Beautiful new illustrations throughout and clear text in this Ladybird ebook bring the magic of this classic story to a new generation of children.
He is a fantastical figure who visits the bedroom of the Darling children - Wendy, John and Michael - and takes them away to Neverland.
There, the children meet Peter’s loyal troupe of lost boys, and have adventures and battles with the nefarious Captain Hook.
Over the years and since its creation, the character of Peter Pan has been written in several versions.
The present book, of the series ‘Young Reader Classic’, tells the story of Peter Pan in an interesting way. The lively illustrations make the story even more interesting.
‘Second to the right ... and then straight on till morning!’
Desperate to hear bedtime stories, Peter Pan waits outside the nursery window of Wendy, John and Michael Darling. When Peter asks Wendy to fly with him to Neverland, the Darling children are whisked away to a world of adventure – of daring fairies, wondrous mermaids and The Lost Boys.But there is danger in Neverland too: the villainous Captain Hook is out for revenge and will stop at nothing to take it.
Poignant and unforgettable, J. M. Barrie’s classic tale is one of the greatest works of children’s literature of the last century. Its imaginative scope, tender humour and vivid characters will enchant adults and children alike.
Published in association with Great Ormond Street Hospital Children’s Charity.
The room is so obscure as to be invisible, but at
the back of the obscurity are French windows, through which is seen
Lob's garden bathed in moon-shine. The Darkness and Light, which this
room and garden represent, are very still, but we should feel that it is
only the pause in which old enemies regard each other before they come
to the grip. The moonshine stealing about among the flowers, to give
them their last instructions, has left a smile upon them, but it is a
smile with a menace in it for the dwellers in darkness. What we expect
to see next is the moonshine slowly pushing the windows open, so that it
may whisper to a confederate in the house, whose name is Lob. But
though we may be sure that this was about to happen it does not happen; a
stir among the dwellers in darkness prevents it.
It is of another minister I am to tell, but only to those who know that light when they see it. I am not bidding good-bye to many readers, for though it is true that some men, of whom Lord Rintoul was one, live to an old age without knowing love, few of us can have met them, and of women so incomplete I never heard.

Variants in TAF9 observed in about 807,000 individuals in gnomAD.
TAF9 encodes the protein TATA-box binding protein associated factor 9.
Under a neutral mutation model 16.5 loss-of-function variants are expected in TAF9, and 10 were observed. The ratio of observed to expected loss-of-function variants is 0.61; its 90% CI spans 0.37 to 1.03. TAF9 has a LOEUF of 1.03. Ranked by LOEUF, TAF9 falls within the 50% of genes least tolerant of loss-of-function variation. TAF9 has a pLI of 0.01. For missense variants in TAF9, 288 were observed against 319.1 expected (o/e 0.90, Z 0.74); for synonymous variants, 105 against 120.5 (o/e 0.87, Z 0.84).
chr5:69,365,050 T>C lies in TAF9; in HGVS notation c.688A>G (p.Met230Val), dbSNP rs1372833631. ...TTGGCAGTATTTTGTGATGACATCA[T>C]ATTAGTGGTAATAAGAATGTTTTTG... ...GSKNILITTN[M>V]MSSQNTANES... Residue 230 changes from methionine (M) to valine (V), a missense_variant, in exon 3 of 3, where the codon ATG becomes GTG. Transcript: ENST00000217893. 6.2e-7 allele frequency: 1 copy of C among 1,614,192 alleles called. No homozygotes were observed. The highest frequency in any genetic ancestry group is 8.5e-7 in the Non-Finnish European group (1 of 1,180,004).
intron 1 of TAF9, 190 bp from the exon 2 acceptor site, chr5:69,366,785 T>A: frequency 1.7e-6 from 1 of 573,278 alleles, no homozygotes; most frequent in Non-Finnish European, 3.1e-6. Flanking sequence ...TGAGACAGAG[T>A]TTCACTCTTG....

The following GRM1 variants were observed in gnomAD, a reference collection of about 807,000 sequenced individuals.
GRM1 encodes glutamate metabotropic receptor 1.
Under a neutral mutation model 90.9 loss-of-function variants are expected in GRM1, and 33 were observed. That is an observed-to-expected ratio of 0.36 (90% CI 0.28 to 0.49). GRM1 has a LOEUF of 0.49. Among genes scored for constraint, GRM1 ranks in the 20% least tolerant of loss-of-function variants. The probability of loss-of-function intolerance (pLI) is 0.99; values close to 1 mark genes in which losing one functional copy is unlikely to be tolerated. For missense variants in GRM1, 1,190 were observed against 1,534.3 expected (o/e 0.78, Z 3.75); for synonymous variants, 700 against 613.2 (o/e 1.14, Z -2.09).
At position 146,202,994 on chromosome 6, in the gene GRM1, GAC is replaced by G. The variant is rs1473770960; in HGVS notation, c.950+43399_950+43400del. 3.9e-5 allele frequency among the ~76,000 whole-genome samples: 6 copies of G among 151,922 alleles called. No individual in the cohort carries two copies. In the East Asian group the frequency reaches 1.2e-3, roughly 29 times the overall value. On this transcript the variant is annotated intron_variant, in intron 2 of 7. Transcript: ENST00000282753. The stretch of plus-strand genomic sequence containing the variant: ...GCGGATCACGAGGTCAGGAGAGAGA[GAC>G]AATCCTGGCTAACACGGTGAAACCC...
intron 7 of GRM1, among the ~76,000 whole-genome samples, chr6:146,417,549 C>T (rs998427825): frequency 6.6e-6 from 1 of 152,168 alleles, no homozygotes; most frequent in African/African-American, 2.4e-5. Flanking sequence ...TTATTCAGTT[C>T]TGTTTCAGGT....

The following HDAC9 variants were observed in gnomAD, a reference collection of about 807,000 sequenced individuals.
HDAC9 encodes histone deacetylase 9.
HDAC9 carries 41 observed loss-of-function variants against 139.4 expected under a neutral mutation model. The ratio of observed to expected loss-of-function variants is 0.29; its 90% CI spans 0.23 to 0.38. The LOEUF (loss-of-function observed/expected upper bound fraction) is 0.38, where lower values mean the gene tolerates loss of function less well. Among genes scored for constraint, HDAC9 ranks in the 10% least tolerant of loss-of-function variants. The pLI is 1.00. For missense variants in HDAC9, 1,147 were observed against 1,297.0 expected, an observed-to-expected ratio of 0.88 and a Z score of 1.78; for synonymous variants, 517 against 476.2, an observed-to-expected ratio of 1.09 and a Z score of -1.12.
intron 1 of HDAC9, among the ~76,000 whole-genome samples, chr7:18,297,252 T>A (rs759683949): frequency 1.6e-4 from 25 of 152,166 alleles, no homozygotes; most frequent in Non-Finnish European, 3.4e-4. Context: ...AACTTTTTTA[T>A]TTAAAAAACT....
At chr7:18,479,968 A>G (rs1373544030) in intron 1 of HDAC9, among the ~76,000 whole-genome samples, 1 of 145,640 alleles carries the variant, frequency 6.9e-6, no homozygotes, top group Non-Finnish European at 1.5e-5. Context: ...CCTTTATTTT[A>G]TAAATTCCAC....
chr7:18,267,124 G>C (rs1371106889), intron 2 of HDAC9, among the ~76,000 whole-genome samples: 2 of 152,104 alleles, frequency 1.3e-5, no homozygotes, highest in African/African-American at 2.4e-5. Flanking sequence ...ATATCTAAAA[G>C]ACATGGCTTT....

Of course they lived at 14, and until Wendy came her mother was the chief one. She was a lovely lady, with a romantic mind and such a sweet mocking mouth. Her romantic mind was like the tiny boxes, one within the other, that come from the puzzling East, however many you discover there is always one more; and her sweet mocking mouth had one kiss on it that Wendy could never get, though there it was, perfectly conspicuous in the right-hand corner.
"Come this time, father," he urged lately, "for it is her birthday, and she is twenty-six," which is so great an age to David, that I think he fears she cannot last much longer.
"Twenty-six, is she, David?" I replied. "Tell her I said she looks more."
I had my delicious dream that night. I dreamt that I too was twenty-six, which was a long time ago, and that I took train to a place called my home, whose whereabouts I see not in my waking hours, and when I alighted at the station a dear lost love was waiting for me, and we went away together. She met me in no ecstasy of emotion, nor was I surprised to find her there; it was as if we had been married for years and parted for a day. I like to think that I gave her some of the things to carry.
Were I to tell my delightful dream to David's mother, to whom I have never in my life addressed one word, she would droop her head and raise it bravely, to imply that I make her very sad but very proud, and she would be wishful to lend me her absurd little pocket handkerchief. And then, had I the heart, I might make a disclosure that would startle her, for it is not the face of David's mother that I see in my dreams.
Of course they lived at 14 [their house number on their street], and until Wendy came her mother was the chief one. She was a lovely lady, with a romantic mind and such a sweet mocking mouth. Her romantic mind was like the tiny boxes, one within the other, that come from the puzzling East, however many you discover there is always one more; and her sweet mocking mouth had one kiss on it that Wendy could never get, though there it was, perfectly conspicuous in the right-hand corner.